Western Wei

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Western Wei

西魏
535–557
Western Wei and neighbors
Western Wei and neighbors
CapitalChang'an
GovernmentMonarchy
Emperor 
• 535–551
Emperor Wen of Western Wei
• 552–554
Emperor Fei of Western Wei
• 554–557
Emperor Gong of Western Wei
Historical eraSouthern and Northern Dynasties
• Establishment of Eastern Wei, start of division of Northern Wei
8 November 534[2]
• Emperor Wen's ascension, often viewed as establishment
18 February 535[1] 535
• Disestablished
14 February 557[3] 557
Area
557[4]1,300,000 km2 (500,000 sq mi)
CurrencyChinese coin,
Chinese cash
Preceded by
Succeeded by
Northern Wei
Liang Dynasty
Northern Zhou
Today part ofChina
History of China
History of China
ANCIENT
Neolithic c. 8500 – c. 2070 BC
Xia c. 2070 – c. 1600 BC
Shang c. 1600 – c. 1046 BC
Zhou c. 1046 – 256 BC
 Western Zhou
 Eastern Zhou
   Spring and Autumn
   Warring States
IMPERIAL
Qin 221–206 BC
Han 202 BC – 220 AD
  Western Han
  Xin
  Eastern Han
Three Kingdoms 220–280
  Wei, Shu and Wu
Jin 265–420
  Western Jin
  Eastern Jin Sixteen Kingdoms
Northern and Southern dynasties
420–589
Sui 581–618
Tang 618–907
  (Second Zhou 690–705)
Five Dynasties and
Ten Kingdoms

907–979
Liao 907–1125
Song 960–1279
  Northern Song Western Xia
  Southern Song Jin
Yuan 1271–1368
Ming 1368–1644
Qing 1636–1912
MODERN
Republic of China 1912–1949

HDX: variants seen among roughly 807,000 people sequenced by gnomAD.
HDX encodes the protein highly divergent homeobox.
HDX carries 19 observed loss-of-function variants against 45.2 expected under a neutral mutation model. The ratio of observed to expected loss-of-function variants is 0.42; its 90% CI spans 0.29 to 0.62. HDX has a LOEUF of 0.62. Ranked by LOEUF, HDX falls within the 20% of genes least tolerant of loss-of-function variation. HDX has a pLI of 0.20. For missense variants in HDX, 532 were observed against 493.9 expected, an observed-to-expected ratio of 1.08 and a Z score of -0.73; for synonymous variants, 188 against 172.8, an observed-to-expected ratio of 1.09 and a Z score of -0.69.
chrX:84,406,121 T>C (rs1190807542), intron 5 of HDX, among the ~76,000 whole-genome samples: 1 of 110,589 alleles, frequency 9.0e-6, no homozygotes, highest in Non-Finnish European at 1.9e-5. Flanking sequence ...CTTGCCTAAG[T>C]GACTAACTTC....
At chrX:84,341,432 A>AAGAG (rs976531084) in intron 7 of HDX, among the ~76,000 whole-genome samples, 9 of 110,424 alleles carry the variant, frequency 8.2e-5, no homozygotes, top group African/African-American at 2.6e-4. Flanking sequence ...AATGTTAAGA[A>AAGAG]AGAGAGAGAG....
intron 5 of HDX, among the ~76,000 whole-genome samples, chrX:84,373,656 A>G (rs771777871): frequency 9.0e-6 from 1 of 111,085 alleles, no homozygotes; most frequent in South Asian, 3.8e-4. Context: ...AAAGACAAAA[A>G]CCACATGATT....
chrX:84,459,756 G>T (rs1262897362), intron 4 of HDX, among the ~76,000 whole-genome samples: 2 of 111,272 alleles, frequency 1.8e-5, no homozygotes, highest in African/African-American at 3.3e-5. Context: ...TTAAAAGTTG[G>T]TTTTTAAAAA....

People's Republic of China 1949–present

The Western Wei (/w/;[5] Chinese: 西魏; pinyin: Xī Wèi) followed the disintegration of the Northern Wei, and ruled northern China from 535 to 557. As with the Northern Wei state that preceded it, the ruling family of Western Wei were members of the Tuoba clan of the Xianbei.

After the Xianbei general Yuwen Tai killed the Northern Wei emperor Yuan Xiu, he installed Yuan Baoju as emperor of Western Wei while Yuwen Tai would remain as the virtual ruler. Although smaller than the Eastern Wei in territory and population, Western Wei was able to withstand the attacks from the eastern empire. Due to its better economical conditions, Western Wei was even able to conquer the whole western part of the Liang empire in the south and occupied the territory of modern Sichuan. In 557 Yuwen Tai's nephew Yuwen Hu deposed Emperor Gong and placed Yuwen Tai's son Yuwen Jue on the throne, ending Western Wei and establishing Northern Zhou.

Rulers[edit]

Posthumous Names ( Shi Hao 諡號) Born Names Period of Reigns Era Names (Nian Hao 年號) and their according range of years
Northern dynasty
Western Wei Dynasty 535-556
Convention: Western Wei + posthumous name
Wen Di (文帝 wén dì) Yuan Baoju (元寶炬 yuán bǎo jù) 535-551 Datong (大統 dà tǒng) 535-551
Fei Di (廢帝 fèi dì) Yuan Qin (元欽 yuán qīn) 552-554 Did not exist
Gong Di (恭帝 gōng dì) Tuoba Kuo (拓拔廓 tuò bá kuò) 554-557 Did not exist

Notes[edit]

  1. ^ Zizhi Tongjian, vol. 157.
  2. ^ Zizhi Tongjian, vol. 156.
  3. ^ Zizhi Tongjian, vol. 166.
  4. ^ Rein Taagepera "Size and Duration of Empires: Growth-Decline Curves, 600 B.C. to 600 A.D.", Social Science History Vol. 3, 115-138 (1979)
  5. ^ "Wei". Random House Webster's Unabridged Dictionary.

References[edit]